Chaparral teachers bring STEAM into lessons Danielle Edwards’ sixth-grade classes at Chaparral Elementary School in the Higley Unified School District are learning how more about science, technology, engineering, arts and math—STEAM— challenges she is introducing this year. During a recent lesson, students tried to build a structure out of gumdrops and toothpicks strong enough to hold a textbook for 1 minute. Many students
thought the challenge would be easy. “What they found, however, was completely different,” Edwards said. One student said, “I thought it was going to be pretty easy, but what my group found is that the prototype starts to hold the book, but then it slowly collapses to the side...It’s actually really hard, but it’s fun.” So far, students have put engineering techniques to the test in three building projects. Most recently, they learned about fingerprinting. The latter project involved looking at fingerprints from a “crime scene” to try to discover the criminal. Then students enlarged their own fingerprints and created an art piece using phrases and words they associate with themselves. Students are learning about math and science while discovering paths for their futures, Edwards said. “We went over the different types of engineering jobs available. It engages them in potential career fields,” Edwards said. “They didn’t realize that there were people whose job is to make structures earthquake proof. It was neat to see that spark of, ‘Here is this career I didn’t know existed and hey, it’s actually fun.’”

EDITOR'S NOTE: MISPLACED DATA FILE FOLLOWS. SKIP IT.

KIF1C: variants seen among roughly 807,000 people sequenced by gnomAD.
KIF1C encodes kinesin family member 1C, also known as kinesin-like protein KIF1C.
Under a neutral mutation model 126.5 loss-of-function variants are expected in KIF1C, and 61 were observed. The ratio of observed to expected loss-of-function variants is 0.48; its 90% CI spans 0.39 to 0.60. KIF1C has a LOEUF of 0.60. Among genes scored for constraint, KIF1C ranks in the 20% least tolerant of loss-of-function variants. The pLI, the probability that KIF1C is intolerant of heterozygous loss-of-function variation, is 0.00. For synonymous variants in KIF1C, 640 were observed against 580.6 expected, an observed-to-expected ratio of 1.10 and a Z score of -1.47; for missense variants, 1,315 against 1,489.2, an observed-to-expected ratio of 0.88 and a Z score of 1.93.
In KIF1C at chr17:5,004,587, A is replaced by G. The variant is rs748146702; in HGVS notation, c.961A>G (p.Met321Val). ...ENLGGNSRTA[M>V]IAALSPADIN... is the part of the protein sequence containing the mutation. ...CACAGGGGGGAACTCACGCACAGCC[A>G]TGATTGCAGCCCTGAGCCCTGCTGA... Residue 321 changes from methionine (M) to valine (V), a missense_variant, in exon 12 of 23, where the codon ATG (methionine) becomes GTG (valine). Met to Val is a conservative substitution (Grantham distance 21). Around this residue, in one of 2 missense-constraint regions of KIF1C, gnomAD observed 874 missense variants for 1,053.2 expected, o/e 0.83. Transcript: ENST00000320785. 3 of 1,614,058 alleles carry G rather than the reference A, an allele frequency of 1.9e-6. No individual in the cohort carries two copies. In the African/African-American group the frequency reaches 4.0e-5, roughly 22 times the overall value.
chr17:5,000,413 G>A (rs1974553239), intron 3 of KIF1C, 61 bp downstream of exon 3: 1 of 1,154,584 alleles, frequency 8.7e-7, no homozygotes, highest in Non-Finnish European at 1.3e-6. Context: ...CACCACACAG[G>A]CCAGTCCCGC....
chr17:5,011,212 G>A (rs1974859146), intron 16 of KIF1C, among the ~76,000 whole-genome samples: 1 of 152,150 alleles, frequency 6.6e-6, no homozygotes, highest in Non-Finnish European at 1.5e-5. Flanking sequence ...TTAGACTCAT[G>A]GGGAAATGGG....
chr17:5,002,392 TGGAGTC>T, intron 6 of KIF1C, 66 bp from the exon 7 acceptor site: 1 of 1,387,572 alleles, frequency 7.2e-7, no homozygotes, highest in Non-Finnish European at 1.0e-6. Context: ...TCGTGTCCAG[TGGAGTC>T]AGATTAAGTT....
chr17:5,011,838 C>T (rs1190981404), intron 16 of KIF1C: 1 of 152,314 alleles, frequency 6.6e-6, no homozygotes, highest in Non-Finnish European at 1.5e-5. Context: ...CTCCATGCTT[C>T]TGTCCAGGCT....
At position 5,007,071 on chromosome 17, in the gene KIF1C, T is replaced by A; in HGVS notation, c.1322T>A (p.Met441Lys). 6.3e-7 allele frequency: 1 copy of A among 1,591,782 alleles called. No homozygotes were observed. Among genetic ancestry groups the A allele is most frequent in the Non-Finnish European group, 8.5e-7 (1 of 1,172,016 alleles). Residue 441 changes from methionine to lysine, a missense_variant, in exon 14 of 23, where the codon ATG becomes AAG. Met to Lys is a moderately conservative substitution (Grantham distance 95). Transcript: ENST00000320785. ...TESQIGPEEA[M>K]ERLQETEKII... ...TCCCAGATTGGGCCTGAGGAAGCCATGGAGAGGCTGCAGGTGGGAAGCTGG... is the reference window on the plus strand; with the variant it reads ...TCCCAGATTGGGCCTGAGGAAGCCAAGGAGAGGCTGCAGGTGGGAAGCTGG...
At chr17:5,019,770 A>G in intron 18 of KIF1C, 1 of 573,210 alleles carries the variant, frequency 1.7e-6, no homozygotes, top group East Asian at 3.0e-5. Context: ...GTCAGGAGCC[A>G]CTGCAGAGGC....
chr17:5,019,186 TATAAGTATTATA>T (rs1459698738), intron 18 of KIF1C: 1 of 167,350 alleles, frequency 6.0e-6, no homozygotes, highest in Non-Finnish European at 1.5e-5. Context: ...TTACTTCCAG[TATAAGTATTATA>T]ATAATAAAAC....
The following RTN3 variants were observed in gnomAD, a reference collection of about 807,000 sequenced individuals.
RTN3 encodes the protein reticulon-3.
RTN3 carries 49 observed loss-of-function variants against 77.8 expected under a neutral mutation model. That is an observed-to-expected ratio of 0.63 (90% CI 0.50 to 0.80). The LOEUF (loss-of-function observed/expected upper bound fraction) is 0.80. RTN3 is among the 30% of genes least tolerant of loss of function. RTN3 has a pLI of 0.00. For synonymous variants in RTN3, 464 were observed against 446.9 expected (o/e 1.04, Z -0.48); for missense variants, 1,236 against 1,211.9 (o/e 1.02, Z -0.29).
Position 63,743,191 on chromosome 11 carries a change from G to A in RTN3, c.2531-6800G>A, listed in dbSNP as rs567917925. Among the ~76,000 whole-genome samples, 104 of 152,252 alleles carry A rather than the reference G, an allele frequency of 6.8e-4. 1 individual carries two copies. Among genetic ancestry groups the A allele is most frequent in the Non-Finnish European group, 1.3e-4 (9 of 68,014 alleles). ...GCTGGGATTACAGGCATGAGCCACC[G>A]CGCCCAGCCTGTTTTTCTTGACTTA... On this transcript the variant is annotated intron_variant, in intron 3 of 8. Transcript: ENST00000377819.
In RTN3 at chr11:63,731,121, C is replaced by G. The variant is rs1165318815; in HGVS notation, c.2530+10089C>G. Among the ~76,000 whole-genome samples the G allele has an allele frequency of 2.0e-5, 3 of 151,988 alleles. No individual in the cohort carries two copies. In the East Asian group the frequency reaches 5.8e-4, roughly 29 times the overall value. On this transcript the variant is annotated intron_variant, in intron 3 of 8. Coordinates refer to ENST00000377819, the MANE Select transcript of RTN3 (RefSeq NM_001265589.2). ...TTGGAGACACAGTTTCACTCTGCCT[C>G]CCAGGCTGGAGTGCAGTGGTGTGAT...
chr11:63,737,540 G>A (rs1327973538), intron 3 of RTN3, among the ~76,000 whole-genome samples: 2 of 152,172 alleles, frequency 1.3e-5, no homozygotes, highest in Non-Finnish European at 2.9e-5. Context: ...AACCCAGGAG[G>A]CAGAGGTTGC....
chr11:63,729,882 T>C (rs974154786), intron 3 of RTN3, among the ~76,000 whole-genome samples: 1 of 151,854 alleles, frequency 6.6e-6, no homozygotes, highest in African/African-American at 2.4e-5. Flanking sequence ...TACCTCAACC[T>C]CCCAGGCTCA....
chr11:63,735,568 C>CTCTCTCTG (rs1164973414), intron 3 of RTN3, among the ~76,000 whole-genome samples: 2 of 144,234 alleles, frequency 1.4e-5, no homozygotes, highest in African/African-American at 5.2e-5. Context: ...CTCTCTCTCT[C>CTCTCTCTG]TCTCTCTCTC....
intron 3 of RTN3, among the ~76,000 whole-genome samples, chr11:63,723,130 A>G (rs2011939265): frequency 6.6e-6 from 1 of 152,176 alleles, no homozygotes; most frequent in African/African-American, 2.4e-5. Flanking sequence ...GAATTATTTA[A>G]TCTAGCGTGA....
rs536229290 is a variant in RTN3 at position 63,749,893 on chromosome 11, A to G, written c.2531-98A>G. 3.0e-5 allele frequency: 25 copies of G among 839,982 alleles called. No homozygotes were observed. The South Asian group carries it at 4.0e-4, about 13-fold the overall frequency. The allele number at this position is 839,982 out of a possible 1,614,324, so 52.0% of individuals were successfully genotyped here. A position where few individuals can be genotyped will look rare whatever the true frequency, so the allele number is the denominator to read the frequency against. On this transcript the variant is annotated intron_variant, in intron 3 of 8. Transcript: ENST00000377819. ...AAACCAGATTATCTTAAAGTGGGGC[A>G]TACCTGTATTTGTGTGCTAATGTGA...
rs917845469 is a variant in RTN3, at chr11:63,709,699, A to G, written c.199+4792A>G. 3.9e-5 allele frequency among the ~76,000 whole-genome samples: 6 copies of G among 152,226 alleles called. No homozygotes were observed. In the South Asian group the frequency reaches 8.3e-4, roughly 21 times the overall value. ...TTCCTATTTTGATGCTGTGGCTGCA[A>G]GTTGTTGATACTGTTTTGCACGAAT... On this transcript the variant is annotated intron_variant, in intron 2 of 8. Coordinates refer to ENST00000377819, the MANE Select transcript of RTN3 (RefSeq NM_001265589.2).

Edwards is learning alongside the students. “That first project was eye-opening to me. The kids who are identified as struggling found success in the project. The excitement has been my favorite, watching students open up and ask others, ‘How did you do that?’” she said. Power Ranch Elementary School earns Go! Grant Power Ranch Elementary School teachers aim to make students more active through a Go! Grant awarded this past summer. Teacher Marissa Ames plans to use the $2,800 grant to operate the school’s Running Club. When students return from fall break in mid-October, the club starts its new season. There are 70 students in kindergarten through sixth-grade participating. “This grant will allow kids of all grade levels at our school to participate in a collaborative afterschool program,” said Ames. “Students in grades kindergarten through sixth will learn how to incorporate health and fitness into their daily lives and participate in some